Chinese auction

Chinese Auctions

Chinese auctions are often used at fundraising, charity and church events. The origins of the name are unclear, but some speculate that it is because Chinese people used to be considered crafty and deceptive, and thus equated with deceptive or unseen processes in the auctions.

Whether this is the reason or not, labelling something specifically Chinese is seen as quite offensive today, and the auctions often go by different names.

How Chinese Auctions Work

There are a few different versions of these games. The first type is very similar to raffles, and participants buy as many tickets as they wish to. The key different between the events is that in a raffle, multiple prizes are drawn for from a single pool. In an auction, each prize has its own pool. This game might also be called Pick a Prize, Tricky Tray, Penny Social or Penny Prize.

You can choose which pools you want your tickets to go into in an auction, allowing you to focus on the rewards that you want the most. Since the tickets are inexpensive, you can buy hundreds at a time and strategically decide how many you want to bid in each pool. Once all the ticket purchases are completed, the draws will take place and a winning ticket from each pool will be drawn.

In the other type of Chinese auction, all of the possible prizes are wrapped and each bidder gets a single ticket. The first ticket is drawn to see who can choose a prize first, and so on until everyone has something. Only then can the rewards be unwrapped! This type of auction is often called a White Elephant Gift Exchange or a Yankee Swap.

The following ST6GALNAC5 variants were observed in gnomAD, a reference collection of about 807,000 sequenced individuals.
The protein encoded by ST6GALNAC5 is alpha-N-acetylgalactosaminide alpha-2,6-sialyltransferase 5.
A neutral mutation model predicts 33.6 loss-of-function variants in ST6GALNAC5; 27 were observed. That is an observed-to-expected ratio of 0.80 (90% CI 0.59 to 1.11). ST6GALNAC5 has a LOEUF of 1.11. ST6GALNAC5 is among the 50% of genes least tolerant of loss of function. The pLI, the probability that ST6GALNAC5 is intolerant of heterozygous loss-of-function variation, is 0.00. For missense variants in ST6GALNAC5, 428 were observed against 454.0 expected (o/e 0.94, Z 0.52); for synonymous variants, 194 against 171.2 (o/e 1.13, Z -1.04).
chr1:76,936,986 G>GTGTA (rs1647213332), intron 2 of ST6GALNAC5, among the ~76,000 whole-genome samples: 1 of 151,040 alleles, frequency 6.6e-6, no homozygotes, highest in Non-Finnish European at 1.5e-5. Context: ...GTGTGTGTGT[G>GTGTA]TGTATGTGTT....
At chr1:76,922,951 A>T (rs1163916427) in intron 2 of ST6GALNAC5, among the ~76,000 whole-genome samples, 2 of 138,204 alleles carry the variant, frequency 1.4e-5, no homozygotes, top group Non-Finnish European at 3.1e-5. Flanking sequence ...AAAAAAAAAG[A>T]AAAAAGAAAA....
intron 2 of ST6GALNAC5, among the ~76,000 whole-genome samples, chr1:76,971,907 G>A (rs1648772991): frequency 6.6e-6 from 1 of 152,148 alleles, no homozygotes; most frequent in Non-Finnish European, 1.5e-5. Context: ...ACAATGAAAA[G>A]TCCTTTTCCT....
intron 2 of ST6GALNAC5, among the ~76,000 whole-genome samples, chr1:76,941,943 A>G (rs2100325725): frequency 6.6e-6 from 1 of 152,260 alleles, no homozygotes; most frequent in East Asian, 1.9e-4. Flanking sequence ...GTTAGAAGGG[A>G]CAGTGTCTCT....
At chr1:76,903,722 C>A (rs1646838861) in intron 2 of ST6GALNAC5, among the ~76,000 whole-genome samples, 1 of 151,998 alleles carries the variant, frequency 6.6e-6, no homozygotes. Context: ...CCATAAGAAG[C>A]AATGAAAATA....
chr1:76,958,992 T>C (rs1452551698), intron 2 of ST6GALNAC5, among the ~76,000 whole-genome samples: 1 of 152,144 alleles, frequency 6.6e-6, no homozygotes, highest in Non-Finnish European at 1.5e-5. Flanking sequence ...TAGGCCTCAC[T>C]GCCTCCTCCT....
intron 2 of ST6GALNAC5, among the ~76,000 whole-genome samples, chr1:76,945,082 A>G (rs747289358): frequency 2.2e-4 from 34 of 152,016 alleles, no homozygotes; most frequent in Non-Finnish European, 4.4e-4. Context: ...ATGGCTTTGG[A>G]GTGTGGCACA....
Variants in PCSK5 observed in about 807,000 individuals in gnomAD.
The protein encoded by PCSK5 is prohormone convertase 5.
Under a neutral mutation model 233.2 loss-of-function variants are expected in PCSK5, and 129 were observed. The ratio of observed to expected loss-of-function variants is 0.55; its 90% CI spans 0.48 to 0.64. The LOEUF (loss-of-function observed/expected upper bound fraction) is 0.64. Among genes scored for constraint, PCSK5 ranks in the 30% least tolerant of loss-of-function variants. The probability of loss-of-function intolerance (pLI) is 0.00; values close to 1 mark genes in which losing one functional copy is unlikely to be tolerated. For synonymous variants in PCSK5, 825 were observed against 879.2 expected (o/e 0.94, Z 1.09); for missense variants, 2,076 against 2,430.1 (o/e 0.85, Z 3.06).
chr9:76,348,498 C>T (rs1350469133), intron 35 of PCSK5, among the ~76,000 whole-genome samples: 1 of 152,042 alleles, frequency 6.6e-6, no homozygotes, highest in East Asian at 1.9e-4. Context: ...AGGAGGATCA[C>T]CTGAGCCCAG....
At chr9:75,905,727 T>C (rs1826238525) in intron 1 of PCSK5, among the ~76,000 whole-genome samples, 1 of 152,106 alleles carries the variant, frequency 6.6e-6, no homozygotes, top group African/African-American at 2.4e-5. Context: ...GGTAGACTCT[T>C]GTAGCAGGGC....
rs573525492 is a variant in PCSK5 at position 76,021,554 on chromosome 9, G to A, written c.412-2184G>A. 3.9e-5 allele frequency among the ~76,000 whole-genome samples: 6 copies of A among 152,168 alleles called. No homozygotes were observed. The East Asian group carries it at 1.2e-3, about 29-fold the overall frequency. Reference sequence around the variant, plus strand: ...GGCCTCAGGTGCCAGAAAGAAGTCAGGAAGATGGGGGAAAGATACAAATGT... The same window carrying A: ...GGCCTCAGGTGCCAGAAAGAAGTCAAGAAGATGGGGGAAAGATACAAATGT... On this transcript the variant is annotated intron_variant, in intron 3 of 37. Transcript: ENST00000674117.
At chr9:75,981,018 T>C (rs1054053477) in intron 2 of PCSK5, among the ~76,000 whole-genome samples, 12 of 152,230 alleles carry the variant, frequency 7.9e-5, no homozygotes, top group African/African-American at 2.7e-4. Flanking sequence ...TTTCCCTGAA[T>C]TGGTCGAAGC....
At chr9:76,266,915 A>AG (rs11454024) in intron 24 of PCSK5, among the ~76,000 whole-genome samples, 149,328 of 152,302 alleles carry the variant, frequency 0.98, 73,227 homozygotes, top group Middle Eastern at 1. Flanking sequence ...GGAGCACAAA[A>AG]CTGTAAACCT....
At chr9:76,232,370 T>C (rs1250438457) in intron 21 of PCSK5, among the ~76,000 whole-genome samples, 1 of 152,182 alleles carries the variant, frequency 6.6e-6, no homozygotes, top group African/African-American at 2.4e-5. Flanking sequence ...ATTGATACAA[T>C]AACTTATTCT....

To mix things up with a Yankee Swap, it’s also possible to have all the prizes unwrapped and on display. The tickets that are drawn then win the prizes in a certain order, so you’ll know what you’re getting as soon as your see your number.

Chinese Auctions Online

These auctions add a lot of excitement to any live event they are part of, but the first type explained above has also become very popular online. Different items are up for auction on a variety of websites. An organisation or individual might choose to run their auction through one of these professional sites, to ensure that everything is above-board, or to create digital tickets for online buyers themselves.

Those doing it for themselves will probably need to print the tickets out, and then hold the draw itself live. This is necessary from a purely practical point of view, and should not present too much of a problem because these auctions tend to be quite small.

If you are using a professional online service bidders will be able to select the prizes they want to compete for, and how many tickets they want to use on each, while sitting in front of their device. The winners are then announced on the same website at a set time and date. Since this is all done remotely, it’s important to check that the site is endorsed for safety and fairness by trusted authorities before spending any real money. Once you know you’re in good hands, you can launch your own auction to raise money or start trying to win big.